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To be safe, the scientists are already censoring themselves

After September 11 and the anthrax scare, scientists in the US are debating what the limits of scientific publication are. The American Academy of Sciences will hold a conference of publishers of biomedical journals to discuss whether to limit the publication of research that may aid hostile states and terrorist organizations; Congress is considering new regulations

Tamara Traubman

With the growing fear in Western countries of biological weapons being used against them, government officials and scientists began to question whether restrictions should not be imposed on the publication of research findings that could be used to develop non-conventional weapons. "This is a new approach, which we have not encountered before," said the president of the American Society for Microbiology Dr. Ronald Atlas in an interview published this month in the scientific journal "Science" about information from basic research in the academic system - from the publication of bacterial genomes to the conduct of experiments - not previously imposed Prohibitions".

Scientists have so far deciphered the genomes of dozens of bacteria and viruses, some of which, such as tuberculosis and smallpox, can cause serious diseases. They even uploaded to a website all the information of the chain of DNA units of these pathogens (causing diseases). The site) ( is available to all for free. In recent years there have also been some significant developments in the field of genetics and genetic engineering and scientists have learned a lot about genes that give bacteria lethal properties, and how to change the properties of the bacteria through Engineering This information has also been published in great detail in scientific journals, most of which today also have electronic editions.

The publication of research findings is one of the basic rules of scientific research: a scientist makes a discovery, brings it to the attention of the scientific community, thus giving an opportunity to other scientists to try to reproduce the results of the research, give them validity, and continue to build additional layers on the acquired knowledge.

However, the events of September 11 followed by the anthrax scare put these rules in a new light. Now scientists and politicians are asking themselves whether the publication of scientific findings should be delayed in the name of national security. The debate is especially fierce in the United States, which is still struggling to find the senders of the anthrax envelopes. But even in countries like Israel, says Hermona Sorek, professor of molecular biology, scientists are debating out loud about the negative consequences that sensitive information may have.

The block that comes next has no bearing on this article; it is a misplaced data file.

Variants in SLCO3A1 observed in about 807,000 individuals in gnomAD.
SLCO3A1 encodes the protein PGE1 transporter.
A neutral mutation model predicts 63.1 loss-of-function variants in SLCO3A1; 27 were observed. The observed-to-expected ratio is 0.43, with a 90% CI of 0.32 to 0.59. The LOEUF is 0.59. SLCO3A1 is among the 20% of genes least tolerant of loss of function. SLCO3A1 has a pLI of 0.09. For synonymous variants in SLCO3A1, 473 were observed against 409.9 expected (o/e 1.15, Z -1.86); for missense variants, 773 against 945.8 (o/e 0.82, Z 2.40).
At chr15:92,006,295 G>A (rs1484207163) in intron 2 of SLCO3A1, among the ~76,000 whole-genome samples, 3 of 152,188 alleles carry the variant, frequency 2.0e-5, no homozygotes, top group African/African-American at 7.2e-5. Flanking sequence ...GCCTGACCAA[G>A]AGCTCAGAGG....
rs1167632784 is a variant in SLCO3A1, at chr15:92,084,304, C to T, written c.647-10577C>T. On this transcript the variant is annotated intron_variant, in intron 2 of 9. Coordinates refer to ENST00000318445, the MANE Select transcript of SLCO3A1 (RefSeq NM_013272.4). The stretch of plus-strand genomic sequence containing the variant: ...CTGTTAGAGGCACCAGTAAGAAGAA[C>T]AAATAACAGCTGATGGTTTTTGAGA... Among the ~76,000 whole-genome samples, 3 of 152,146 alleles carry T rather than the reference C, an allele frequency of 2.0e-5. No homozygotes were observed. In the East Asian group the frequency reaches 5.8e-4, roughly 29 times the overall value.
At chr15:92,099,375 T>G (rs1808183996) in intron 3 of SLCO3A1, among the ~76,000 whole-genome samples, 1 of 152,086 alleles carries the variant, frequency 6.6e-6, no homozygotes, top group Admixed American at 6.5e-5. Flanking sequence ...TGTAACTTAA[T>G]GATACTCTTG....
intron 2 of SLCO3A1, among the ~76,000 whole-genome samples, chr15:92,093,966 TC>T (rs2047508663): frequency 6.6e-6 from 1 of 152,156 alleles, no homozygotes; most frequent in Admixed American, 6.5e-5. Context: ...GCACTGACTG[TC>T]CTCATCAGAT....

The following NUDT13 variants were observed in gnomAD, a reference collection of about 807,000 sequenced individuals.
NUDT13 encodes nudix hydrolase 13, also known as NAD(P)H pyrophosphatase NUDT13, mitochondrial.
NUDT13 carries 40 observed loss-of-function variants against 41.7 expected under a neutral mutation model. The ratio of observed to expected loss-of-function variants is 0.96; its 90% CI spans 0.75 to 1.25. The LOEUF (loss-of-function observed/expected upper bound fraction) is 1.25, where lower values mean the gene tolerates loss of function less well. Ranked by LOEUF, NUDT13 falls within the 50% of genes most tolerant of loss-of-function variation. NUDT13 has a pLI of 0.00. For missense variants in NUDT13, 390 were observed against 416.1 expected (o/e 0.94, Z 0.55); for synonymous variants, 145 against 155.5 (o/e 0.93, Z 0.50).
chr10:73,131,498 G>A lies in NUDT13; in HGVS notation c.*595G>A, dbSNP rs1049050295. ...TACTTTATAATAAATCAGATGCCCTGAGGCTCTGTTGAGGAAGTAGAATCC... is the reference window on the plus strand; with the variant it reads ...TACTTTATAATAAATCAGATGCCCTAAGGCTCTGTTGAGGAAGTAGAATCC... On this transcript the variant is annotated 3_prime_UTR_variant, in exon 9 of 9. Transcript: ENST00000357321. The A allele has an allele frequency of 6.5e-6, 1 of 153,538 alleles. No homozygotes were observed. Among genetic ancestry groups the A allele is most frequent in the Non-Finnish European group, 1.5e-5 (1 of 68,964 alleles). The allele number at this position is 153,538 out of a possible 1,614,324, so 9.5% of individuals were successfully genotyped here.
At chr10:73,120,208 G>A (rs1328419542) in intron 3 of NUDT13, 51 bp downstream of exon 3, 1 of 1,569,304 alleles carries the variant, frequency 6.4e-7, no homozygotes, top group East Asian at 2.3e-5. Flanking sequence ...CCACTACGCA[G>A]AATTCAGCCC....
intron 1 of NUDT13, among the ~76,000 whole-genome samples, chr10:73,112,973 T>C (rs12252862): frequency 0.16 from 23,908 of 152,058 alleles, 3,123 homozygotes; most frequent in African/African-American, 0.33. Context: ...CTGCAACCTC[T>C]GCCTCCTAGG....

In the research she did, Prof. Sorek found that there are humans with a genetic structure that may make them particularly vulnerable to chemical warfare. "The importance of the findings is cardinal even in times of peace," says Prof. Sorek, who decided to publish them. She says that toxic insecticides are very similar to chemical warfare agents, and it is important that those genetically vulnerable to them know this. According to her, "Not publishing is a double-edged sword: you don't publish, but you also don't know what the other party doesn't publish. And the fact is (that during the Cold War) the Russians advanced in a very significant way without it being announced in the West. It only became clear when scientists from there started coming to us with a great deal of knowledge, which never appeared in the literature."

About a month ago, Dr. Eckerd Wimer and his colleagues from the State University of New York reported that they had succeeded in creating a polio virus in the laboratory. The researchers constructed the bacterium based on the sequence of its DNA units, which was downloaded from the Internet, and with the help of DNA segments obtained by mail from a company (one of many) that supplies materials to laboratories. This success required the researchers to work for many years and spend hundreds of thousands of dollars (the funding was provided by the US Department of Defense). But the publication provoked a fierce debate on the question of whether the researchers should have published their findings - or even avoided conducting the study at all.

Following the publication of the study, eight Republican members of Congress submitted a proposed resolution criticizing the publisher of "Science," which published the study, for publishing "an outline plan that may allow terrorists to produce pathogens cheaply." The decision also calls on federal agencies that fund research to reconsider how research is classified.

In addition, the American Society for Microbiology, an organization that represents approximately 40 scientists and publishes 11 journals, asked the American Academy of Sciences to hold a conference of publishers of biomedical journals, to discuss whether and how to publish research that could help organizations and countries hostile to the United States . The conference will be held in the fall.